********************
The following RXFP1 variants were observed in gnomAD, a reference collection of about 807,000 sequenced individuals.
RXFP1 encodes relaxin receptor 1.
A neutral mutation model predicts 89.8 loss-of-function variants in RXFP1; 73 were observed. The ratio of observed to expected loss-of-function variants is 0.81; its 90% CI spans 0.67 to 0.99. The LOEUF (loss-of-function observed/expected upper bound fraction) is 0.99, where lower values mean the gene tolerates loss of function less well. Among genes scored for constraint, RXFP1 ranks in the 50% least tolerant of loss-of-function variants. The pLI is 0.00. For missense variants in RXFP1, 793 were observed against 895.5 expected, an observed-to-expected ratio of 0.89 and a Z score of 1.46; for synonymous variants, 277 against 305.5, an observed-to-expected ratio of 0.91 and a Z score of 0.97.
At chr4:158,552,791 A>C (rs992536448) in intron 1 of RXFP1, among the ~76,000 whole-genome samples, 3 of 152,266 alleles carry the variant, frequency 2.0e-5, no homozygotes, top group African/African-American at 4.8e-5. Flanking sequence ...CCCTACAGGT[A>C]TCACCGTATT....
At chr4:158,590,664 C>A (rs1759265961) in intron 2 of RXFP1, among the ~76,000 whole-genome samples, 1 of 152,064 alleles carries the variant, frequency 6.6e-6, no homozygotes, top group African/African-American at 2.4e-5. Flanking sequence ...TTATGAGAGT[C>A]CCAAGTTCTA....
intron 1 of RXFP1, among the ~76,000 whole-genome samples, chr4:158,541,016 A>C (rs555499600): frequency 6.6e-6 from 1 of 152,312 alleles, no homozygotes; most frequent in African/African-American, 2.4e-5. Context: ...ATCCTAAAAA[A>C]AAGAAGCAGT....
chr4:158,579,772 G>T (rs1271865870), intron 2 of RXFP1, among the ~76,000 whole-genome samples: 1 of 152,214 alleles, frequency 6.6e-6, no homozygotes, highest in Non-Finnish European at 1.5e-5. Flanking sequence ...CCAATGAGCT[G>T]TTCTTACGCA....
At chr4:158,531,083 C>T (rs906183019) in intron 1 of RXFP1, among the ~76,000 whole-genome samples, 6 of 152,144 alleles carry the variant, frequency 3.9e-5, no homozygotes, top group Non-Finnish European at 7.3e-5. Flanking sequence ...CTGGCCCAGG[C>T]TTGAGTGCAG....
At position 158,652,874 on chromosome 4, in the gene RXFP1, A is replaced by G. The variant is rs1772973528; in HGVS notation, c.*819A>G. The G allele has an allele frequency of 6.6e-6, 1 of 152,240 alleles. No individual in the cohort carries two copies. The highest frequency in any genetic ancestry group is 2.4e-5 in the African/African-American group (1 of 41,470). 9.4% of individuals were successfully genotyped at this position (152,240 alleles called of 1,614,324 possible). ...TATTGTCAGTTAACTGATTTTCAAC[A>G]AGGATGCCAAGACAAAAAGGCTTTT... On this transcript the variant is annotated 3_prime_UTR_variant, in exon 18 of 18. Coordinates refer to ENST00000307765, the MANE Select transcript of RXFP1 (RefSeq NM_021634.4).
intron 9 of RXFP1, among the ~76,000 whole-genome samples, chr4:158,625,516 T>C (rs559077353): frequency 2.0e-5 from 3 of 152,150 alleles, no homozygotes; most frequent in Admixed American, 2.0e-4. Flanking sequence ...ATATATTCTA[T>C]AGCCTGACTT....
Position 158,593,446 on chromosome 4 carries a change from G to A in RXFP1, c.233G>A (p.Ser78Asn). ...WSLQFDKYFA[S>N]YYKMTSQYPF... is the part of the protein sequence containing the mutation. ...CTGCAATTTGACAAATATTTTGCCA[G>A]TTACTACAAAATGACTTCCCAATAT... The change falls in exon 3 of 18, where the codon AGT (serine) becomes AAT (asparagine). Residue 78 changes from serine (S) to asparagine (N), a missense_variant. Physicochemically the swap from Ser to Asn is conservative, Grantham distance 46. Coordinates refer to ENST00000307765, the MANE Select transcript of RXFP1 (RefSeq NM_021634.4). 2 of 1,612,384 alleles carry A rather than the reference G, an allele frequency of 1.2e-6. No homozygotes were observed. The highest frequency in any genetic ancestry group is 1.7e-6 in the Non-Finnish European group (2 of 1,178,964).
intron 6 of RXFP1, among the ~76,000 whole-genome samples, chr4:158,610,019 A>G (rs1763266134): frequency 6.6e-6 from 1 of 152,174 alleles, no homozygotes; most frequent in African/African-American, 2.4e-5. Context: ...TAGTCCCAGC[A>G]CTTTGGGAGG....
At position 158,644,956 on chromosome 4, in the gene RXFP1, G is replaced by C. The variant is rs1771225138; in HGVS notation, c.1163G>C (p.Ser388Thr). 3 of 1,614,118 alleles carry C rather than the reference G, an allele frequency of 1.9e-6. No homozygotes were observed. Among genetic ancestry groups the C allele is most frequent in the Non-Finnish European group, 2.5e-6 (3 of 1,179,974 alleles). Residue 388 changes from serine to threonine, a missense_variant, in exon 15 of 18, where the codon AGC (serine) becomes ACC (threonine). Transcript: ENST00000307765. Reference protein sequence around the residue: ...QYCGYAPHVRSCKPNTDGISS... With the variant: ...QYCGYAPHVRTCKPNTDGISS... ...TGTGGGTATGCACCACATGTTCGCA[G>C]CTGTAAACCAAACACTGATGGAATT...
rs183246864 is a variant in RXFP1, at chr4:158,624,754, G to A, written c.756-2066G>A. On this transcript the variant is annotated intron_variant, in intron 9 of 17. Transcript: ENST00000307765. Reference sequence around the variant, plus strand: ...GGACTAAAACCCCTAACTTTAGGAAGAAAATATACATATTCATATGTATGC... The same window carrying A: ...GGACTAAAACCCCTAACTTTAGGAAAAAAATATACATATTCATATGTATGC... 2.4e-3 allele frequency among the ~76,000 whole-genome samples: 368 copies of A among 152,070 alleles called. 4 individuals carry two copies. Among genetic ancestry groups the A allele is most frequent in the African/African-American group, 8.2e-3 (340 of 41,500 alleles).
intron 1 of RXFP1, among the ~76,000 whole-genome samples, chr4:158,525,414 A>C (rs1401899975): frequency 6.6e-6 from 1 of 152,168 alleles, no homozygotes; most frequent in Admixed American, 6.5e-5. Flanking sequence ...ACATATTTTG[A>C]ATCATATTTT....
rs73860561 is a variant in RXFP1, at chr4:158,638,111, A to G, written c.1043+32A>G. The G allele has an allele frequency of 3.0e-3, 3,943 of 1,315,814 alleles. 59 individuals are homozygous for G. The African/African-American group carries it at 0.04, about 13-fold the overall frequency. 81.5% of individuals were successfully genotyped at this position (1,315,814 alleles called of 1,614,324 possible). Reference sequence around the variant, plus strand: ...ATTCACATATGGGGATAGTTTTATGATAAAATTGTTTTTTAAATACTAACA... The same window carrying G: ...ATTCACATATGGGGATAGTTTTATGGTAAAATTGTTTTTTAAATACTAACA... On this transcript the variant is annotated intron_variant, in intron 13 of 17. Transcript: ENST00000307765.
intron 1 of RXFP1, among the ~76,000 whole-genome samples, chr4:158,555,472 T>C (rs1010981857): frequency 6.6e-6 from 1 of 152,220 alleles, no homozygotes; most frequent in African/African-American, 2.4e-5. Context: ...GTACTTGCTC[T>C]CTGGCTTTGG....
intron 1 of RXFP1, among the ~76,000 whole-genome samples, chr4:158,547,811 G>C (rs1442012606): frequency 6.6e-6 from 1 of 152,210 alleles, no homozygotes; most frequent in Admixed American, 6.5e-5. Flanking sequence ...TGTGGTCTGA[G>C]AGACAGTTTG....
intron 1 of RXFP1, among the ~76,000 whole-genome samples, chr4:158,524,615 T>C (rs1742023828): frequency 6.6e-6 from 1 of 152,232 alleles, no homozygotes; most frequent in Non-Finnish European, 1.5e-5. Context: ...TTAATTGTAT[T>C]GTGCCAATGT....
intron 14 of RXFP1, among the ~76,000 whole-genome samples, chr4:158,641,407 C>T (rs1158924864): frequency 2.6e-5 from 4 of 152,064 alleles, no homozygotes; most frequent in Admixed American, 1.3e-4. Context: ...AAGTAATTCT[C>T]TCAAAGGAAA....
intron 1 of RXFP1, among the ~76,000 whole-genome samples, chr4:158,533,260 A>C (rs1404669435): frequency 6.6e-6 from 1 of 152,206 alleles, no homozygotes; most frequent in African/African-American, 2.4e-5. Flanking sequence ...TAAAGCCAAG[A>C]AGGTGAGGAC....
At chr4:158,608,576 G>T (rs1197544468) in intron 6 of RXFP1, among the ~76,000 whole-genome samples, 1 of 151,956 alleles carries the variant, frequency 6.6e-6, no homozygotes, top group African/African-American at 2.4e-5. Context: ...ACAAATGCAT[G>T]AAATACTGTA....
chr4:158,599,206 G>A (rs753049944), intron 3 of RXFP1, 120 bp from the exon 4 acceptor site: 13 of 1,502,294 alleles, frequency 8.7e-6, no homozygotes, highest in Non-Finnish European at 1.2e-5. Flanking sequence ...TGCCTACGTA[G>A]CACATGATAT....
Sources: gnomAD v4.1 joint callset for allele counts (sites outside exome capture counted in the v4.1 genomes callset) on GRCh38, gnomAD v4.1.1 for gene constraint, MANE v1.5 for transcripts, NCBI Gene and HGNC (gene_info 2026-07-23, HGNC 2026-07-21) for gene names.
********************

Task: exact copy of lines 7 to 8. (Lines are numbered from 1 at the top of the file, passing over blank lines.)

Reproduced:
chr4:158,579,772 G>T (rs1271865870), intron 2 of RXFP1, among the ~76,000 whole-genome samples: 1 of 152,214 alleles, frequency 6.6e-6, no homozygotes, highest in Non-Finnish European at 1.5e-5. Flanking sequence ...CCAATGAGCT[G>T]TTCTTACGCA....
At chr4:158,531,083 C>T (rs906183019) in intron 1 of RXFP1, among the ~76,000 whole-genome samples, 6 of 152,144 alleles carry the variant, frequency 3.9e-5, no homozygotes, top group Non-Finnish European at 7.3e-5. Flanking sequence ...CTGGCCCAGG[C>T]TTGAGTGCAG....